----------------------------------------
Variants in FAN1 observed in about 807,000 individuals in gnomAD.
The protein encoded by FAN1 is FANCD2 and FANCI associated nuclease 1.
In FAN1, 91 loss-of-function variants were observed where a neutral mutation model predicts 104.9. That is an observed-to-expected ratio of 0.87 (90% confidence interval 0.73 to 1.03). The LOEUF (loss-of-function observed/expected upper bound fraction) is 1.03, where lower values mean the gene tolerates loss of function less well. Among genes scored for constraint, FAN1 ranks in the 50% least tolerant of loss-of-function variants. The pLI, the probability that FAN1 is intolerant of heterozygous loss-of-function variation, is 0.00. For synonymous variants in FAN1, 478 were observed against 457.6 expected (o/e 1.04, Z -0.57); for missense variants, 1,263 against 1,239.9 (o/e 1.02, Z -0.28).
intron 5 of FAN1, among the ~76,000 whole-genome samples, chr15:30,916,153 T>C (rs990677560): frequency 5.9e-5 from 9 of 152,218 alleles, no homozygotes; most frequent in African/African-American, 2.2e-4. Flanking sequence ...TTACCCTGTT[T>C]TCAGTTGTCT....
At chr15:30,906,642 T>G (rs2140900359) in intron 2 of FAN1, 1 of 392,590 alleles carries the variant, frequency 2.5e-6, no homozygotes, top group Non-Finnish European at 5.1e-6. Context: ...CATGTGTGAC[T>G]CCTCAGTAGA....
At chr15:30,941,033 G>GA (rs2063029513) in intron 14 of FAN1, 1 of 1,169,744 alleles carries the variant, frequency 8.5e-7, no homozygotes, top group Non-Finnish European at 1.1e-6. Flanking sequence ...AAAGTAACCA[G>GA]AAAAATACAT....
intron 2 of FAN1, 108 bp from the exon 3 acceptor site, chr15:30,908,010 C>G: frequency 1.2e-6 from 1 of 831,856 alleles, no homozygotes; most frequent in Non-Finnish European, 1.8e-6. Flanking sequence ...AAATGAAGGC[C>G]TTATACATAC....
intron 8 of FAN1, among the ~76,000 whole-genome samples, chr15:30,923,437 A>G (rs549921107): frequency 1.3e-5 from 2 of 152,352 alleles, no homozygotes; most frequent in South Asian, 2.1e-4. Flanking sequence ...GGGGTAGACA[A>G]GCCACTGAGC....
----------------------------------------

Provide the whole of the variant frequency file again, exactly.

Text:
Variants in FAN1 observed in about 807,000 individuals in gnomAD.
The protein encoded by FAN1 is FANCD2 and FANCI associated nuclease 1.
In FAN1, 91 loss-of-function variants were observed where a neutral mutation model predicts 104.9. That is an observed-to-expected ratio of 0.87 (90% confidence interval 0.73 to 1.03). The LOEUF (loss-of-function observed/expected upper bound fraction) is 1.03, where lower values mean the gene tolerates loss of function less well. Among genes scored for constraint, FAN1 ranks in the 50% least tolerant of loss-of-function variants. The pLI, the probability that FAN1 is intolerant of heterozygous loss-of-function variation, is 0.00. For synonymous variants in FAN1, 478 were observed against 457.6 expected (o/e 1.04, Z -0.57); for missense variants, 1,263 against 1,239.9 (o/e 1.02, Z -0.28).
intron 5 of FAN1, among the ~76,000 whole-genome samples, chr15:30,916,153 T>C (rs990677560): frequency 5.9e-5 from 9 of 152,218 alleles, no homozygotes; most frequent in African/African-American, 2.2e-4. Flanking sequence ...TTACCCTGTT[T>C]TCAGTTGTCT....
At chr15:30,906,642 T>G (rs2140900359) in intron 2 of FAN1, 1 of 392,590 alleles carries the variant, frequency 2.5e-6, no homozygotes, top group Non-Finnish European at 5.1e-6. Context: ...CATGTGTGAC[T>G]CCTCAGTAGA....
At chr15:30,941,033 G>GA (rs2063029513) in intron 14 of FAN1, 1 of 1,169,744 alleles carries the variant, frequency 8.5e-7, no homozygotes, top group Non-Finnish European at 1.1e-6. Flanking sequence ...AAAGTAACCA[G>GA]AAAAATACAT....
intron 2 of FAN1, 108 bp from the exon 3 acceptor site, chr15:30,908,010 C>G: frequency 1.2e-6 from 1 of 831,856 alleles, no homozygotes; most frequent in Non-Finnish European, 1.8e-6. Flanking sequence ...AAATGAAGGC[C>G]TTATACATAC....
intron 8 of FAN1, among the ~76,000 whole-genome samples, chr15:30,923,437 A>G (rs549921107): frequency 1.3e-5 from 2 of 152,352 alleles, no homozygotes; most frequent in South Asian, 2.1e-4. Flanking sequence ...GGGGTAGACA[A>G]GCCACTGAGC....